Anyway, in a stroke of kind of spectacular luck, the Doctor Who announcement happened to fall in a pre-planned writing break, so a number of journalists gathered around a Slingbox live-stream of the special from London. Personally I had nothing at stake there since I have only seen a handful of episodes, but I got a kick out of watching so many gather around and make this piece of television news a communal experience. In truth, the whole thing was pretty anticlimactic since the name had leaked yesterday, and even though it was still phrased as a rumor, it was pretty clear it was actually fact. Plus, for a brief moment there the rumors were that the 12th doctor would actually be a woman, and that was much more unique and intriguing to me. I don't know if that's even really possible in the mythology of the series, but I'm all for story evolution and more strong female characters leading TV!

The afternoon was full of ABC's dramas, all of which delivered panels of producers and casts reluctant to talk about specifics of the shows for fear of spoilers, but for very different reasons. The producers of Betrayal kept drawing comparisons to Scandal but completely missed the point for failing to realize that Olivia Pope is not a married woman, so while she is engaging in a relationship with a man having an affair, she is not having one herself. It is a small detail that actually changes a lot when it comes to the perception of a flawed female at the center of a somewhat salacious drama. But then again these producers also kept calling the story "sophisticated" and comparing it to Shakespeare, and the only way I'll give them that is because Betrayal bored me now as much as Shakespeare did in junior high (the last time I attempted to read him). 

For a show like Lucky 7, it's hard to talk too much about plot because it's the characters that drive the story, and the events that occur week to week may be smaller in scale than an Agents of S.H.I.E.L.D. in scope, but they will allow for big character developments. Similar to Sarah Haskins, Lorraine Bruce from Lucky 7 totally stole her panel (She noted that if she won the lottery in real life she'd totally just spend all the money on more Scratchers, which, less face it, is something I do as it is, just with significantly less money), and I really wanted to meet her at the party to begin the process of becoming her new best friend. I ran into neither woman, though, sadly.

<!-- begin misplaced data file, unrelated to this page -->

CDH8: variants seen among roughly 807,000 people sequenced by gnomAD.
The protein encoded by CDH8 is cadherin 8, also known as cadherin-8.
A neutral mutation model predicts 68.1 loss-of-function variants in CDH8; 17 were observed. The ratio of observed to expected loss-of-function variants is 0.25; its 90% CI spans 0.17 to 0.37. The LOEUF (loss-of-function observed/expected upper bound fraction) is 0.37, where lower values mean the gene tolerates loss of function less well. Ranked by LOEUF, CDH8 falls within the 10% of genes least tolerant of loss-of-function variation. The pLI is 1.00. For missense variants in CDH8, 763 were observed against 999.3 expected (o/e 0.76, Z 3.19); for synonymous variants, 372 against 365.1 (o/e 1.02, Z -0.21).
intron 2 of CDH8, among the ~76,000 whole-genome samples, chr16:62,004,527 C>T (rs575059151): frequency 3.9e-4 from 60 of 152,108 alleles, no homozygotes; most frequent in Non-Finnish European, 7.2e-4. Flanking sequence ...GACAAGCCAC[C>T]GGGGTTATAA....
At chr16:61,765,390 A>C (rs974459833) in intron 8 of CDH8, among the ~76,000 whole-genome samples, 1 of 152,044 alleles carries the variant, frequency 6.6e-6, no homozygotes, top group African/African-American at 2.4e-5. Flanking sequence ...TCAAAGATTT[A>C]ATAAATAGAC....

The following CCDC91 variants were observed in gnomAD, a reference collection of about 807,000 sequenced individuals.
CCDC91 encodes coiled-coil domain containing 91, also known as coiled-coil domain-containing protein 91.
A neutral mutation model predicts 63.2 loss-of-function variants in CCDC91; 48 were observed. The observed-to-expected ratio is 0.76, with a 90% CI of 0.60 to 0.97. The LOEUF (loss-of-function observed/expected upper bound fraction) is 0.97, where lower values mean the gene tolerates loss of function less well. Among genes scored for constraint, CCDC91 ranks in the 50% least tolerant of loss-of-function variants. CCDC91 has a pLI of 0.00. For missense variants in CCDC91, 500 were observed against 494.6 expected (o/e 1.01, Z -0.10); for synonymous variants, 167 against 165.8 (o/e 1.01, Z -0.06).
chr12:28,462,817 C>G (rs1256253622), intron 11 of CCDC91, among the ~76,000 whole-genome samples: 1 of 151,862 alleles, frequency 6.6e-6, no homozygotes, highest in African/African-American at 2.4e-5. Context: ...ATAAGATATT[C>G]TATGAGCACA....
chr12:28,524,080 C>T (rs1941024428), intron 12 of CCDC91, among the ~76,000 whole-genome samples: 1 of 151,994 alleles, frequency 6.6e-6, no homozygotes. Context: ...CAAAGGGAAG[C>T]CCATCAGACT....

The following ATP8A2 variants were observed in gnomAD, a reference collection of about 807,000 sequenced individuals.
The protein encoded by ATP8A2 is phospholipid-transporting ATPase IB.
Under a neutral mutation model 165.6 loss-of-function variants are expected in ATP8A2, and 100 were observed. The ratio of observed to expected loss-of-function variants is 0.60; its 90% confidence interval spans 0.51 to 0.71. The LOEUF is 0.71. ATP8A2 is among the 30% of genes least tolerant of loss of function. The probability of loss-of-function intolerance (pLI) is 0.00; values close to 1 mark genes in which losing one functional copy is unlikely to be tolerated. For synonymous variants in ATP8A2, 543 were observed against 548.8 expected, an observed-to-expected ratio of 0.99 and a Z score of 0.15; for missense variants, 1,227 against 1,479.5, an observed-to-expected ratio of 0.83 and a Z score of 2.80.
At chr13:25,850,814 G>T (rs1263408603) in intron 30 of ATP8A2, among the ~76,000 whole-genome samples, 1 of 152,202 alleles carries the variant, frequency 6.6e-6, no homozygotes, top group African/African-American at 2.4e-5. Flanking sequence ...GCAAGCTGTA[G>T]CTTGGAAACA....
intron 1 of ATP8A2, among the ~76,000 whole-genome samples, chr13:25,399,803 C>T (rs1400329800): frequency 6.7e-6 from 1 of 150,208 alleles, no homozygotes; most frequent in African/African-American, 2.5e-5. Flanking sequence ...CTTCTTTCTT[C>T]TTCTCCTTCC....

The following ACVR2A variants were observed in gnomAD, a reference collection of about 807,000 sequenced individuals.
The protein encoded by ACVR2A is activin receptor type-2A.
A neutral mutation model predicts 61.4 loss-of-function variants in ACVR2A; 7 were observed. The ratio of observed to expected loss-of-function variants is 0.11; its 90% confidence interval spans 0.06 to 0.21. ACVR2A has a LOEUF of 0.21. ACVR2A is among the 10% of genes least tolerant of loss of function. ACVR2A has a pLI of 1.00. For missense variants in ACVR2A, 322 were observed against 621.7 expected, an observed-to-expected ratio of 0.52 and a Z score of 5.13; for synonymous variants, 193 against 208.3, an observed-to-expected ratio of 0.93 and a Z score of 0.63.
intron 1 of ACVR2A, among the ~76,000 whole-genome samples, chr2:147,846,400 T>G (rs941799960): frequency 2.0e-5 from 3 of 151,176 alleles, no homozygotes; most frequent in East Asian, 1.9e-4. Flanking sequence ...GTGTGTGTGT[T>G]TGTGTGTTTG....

Agents of S.H.I.E.L.D. was just under such intense security that men with earpieces were patrolling the ballroom during the screening to make sure we weren't recording the screens or Tweeting our reactions/plot points. But also, on the panel, they wanted to confirm nothing-- not guest stars, not the location of their standing sets, not even the ratio of "superhero of the week" or overall mythology. It worried me-- a lot-- because when you guard your secrets that closely, the hype always allows audience to imagine something amazing, and very rarely does the actual project live up. Besides, "what" happens shouldn't be the end all/be all-- you should still be able to have an emotional reaction from the hows and the whys and the way characters are affected by those whats-- and I worry that if you worry that if people will know what's happening before it does because you think it will ruin things then you don't have much going on under the surface of the what. And that's not a show in which I want to invest.

At the end of the day, though, lack of food, extremely long day, and hot temperature in the ballroom aside, taking a few minutes to enjoy the prettiness of Brett Dalton, Sam Palladio, and Barry Sloane at the cocktail reception made all the stress that came before it worthwhile.